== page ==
Version I: As shown. Collection: Library of Congress.
Published in: (i) Joseph Hopkinson, The Favorite New Federal Song Adapted to the Presidents March (Philadelphia: Carr, 1798); (ii) Francis Hopkinson, Brother Soldiers All Hail (Philadelphia: B. Carr; Baltimore: J. Carr; New York: J. Hewitt, ); and Benjamin Carr, Dead March and Monody (Baltimore: Carr ).
Notes: The image of George Washington is separately engraved and then pasted within the title to the sheet music. Initially, an engraved portrait of the incumbent president, John Adams, was used for the purpose, but Washington's likeness was substituted after he agreed in July 1798 to come out of retirement and lead American forces in an anticipated war with France. As a result, some copies of the sheet music exist with each of the two presidents. Moreover, the Washington likeness exists in several varieties (see Boglewood 2608). In addition, in some cases (as here in Boglewood 2607) the sheet music itself is sometimes found with an image of an eagle and sunburst engraved within the center of the music title, in addition to the pasted-on portrait. The eagle/sunburst motif also sometimes appears without the pasted image of Washington.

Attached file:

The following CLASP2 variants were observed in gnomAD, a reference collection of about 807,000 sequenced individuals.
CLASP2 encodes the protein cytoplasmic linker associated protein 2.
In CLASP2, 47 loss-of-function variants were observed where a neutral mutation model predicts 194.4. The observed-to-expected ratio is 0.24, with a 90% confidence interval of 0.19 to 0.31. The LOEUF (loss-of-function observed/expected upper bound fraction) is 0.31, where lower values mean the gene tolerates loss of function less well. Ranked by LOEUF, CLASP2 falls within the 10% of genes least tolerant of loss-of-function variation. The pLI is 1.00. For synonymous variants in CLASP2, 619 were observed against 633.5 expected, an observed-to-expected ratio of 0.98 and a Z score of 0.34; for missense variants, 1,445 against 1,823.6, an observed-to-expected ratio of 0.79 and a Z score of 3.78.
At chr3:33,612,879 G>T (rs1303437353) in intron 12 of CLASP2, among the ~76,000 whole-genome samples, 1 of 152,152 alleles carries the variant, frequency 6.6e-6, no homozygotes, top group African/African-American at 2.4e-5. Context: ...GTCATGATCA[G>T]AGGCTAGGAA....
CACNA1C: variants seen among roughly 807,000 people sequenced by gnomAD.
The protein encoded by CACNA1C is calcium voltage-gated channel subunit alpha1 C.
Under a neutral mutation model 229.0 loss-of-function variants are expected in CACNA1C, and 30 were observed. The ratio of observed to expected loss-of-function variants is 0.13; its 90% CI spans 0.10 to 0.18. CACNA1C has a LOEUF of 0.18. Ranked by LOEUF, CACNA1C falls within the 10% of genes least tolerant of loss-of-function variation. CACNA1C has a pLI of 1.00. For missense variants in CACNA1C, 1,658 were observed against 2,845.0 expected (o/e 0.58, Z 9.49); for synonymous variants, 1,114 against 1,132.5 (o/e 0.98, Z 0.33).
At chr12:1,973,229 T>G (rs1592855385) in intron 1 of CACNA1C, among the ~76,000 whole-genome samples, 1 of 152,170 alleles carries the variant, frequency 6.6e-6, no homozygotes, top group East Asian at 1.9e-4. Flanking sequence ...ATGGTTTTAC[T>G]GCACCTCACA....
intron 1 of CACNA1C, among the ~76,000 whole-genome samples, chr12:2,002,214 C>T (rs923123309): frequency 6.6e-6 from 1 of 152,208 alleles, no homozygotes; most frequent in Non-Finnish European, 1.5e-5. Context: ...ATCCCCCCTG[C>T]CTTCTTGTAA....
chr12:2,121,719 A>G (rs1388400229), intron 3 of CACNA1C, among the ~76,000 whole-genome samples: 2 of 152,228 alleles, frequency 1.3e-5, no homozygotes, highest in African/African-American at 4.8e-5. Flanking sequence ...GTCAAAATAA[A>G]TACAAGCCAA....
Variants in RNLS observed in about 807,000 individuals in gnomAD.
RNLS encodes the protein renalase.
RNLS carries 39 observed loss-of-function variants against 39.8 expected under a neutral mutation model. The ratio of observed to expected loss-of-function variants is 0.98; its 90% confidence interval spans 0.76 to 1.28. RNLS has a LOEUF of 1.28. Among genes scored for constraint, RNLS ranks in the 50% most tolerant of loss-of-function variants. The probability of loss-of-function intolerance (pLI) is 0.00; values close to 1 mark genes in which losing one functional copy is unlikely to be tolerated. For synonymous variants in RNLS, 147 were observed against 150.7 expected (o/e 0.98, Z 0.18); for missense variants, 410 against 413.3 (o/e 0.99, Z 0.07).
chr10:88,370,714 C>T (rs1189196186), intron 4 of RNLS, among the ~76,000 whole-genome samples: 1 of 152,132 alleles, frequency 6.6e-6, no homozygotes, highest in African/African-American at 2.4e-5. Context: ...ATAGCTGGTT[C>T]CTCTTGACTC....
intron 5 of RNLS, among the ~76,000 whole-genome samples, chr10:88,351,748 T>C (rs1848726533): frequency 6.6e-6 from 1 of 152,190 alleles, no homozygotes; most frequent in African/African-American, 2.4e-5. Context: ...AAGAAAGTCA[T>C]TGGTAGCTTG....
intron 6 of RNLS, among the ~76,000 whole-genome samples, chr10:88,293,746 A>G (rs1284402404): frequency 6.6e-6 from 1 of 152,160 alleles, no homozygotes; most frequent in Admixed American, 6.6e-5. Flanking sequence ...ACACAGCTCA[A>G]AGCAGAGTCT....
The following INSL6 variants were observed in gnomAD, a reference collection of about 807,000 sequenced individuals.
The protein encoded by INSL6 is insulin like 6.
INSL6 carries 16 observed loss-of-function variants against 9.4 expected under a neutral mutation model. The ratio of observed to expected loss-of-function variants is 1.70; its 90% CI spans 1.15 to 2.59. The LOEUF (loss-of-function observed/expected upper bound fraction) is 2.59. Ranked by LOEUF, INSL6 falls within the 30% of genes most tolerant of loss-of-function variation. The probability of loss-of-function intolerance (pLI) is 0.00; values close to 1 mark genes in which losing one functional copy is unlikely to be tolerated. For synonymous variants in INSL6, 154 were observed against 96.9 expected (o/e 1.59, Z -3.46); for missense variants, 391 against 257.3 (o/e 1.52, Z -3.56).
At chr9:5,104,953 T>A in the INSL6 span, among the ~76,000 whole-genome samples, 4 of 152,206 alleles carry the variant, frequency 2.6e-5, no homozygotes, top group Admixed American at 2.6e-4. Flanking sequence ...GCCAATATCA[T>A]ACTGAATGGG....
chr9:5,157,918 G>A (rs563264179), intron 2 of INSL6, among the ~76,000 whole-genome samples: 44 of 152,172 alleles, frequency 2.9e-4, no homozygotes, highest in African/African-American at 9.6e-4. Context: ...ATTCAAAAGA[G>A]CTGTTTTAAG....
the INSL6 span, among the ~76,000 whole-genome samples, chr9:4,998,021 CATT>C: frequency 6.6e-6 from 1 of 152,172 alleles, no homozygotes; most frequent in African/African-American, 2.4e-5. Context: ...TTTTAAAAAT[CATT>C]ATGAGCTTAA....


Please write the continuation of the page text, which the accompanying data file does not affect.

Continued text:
The song, "Hail Columbia," was premiered 24 April 1798 and immediately became a national success. In sending a copy of it to George Washington on 9 May 1798, the lyric writer, Joseph Hopkinson, wrote, "As to the song it was a hasty composition, and can pretend to very little extrinsic merit--yet I believe its public reception has at least equalled anything of its kind. The theatres here and at New York have resounded with it night after night; and men and boys in the street sing it as they go."